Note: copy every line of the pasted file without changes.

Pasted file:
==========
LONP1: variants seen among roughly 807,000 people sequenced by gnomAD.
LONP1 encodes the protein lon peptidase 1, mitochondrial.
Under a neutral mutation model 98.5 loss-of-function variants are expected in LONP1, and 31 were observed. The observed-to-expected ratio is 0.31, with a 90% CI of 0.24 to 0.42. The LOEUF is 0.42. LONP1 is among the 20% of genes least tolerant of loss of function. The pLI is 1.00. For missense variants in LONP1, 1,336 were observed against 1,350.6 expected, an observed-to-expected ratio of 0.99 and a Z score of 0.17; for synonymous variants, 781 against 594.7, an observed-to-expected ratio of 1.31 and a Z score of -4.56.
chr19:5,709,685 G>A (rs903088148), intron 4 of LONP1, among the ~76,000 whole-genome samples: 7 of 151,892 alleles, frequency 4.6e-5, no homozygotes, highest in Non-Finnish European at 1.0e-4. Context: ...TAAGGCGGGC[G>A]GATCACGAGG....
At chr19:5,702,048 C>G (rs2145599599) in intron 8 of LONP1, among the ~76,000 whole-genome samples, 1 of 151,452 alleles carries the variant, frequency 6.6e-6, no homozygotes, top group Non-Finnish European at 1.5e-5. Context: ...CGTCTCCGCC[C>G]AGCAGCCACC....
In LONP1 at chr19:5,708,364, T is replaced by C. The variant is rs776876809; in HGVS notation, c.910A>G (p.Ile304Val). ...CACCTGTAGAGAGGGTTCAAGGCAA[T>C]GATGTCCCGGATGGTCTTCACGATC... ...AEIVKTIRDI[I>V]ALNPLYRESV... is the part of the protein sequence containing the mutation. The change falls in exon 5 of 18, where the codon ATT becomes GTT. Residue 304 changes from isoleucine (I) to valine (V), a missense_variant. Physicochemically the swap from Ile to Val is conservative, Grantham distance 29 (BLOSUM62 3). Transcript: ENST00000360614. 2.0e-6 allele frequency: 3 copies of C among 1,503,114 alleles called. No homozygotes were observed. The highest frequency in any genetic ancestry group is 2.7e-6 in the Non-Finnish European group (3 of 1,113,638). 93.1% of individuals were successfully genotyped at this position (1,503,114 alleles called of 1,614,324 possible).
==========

LONP1: variants seen among roughly 807,000 people sequenced by gnomAD.
LONP1 encodes the protein lon peptidase 1, mitochondrial.
Under a neutral mutation model 98.5 loss-of-function variants are expected in LONP1, and 31 were observed. The observed-to-expected ratio is 0.31, with a 90% CI of 0.24 to 0.42. The LOEUF is 0.42. LONP1 is among the 20% of genes least tolerant of loss of function. The pLI is 1.00. For missense variants in LONP1, 1,336 were observed against 1,350.6 expected, an observed-to-expected ratio of 0.99 and a Z score of 0.17; for synonymous variants, 781 against 594.7, an observed-to-expected ratio of 1.31 and a Z score of -4.56.
chr19:5,709,685 G>A (rs903088148), intron 4 of LONP1, among the ~76,000 whole-genome samples: 7 of 151,892 alleles, frequency 4.6e-5, no homozygotes, highest in Non-Finnish European at 1.0e-4. Context: ...TAAGGCGGGC[G>A]GATCACGAGG....
At chr19:5,702,048 C>G (rs2145599599) in intron 8 of LONP1, among the ~76,000 whole-genome samples, 1 of 151,452 alleles carries the variant, frequency 6.6e-6, no homozygotes, top group Non-Finnish European at 1.5e-5. Context: ...CGTCTCCGCC[C>G]AGCAGCCACC....
In LONP1 at chr19:5,708,364, T is replaced by C. The variant is rs776876809; in HGVS notation, c.910A>G (p.Ile304Val). ...CACCTGTAGAGAGGGTTCAAGGCAA[T>C]GATGTCCCGGATGGTCTTCACGATC... ...AEIVKTIRDI[I>V]ALNPLYRESV... is the part of the protein sequence containing the mutation. The change falls in exon 5 of 18, where the codon ATT becomes GTT. Residue 304 changes from isoleucine (I) to valine (V), a missense_variant. Physicochemically the swap from Ile to Val is conservative, Grantham distance 29 (BLOSUM62 3). Transcript: ENST00000360614. 2.0e-6 allele frequency: 3 copies of C among 1,503,114 alleles called. No homozygotes were observed. The highest frequency in any genetic ancestry group is 2.7e-6 in the Non-Finnish European group (3 of 1,113,638). 93.1% of individuals were successfully genotyped at this position (1,503,114 alleles called of 1,614,324 possible).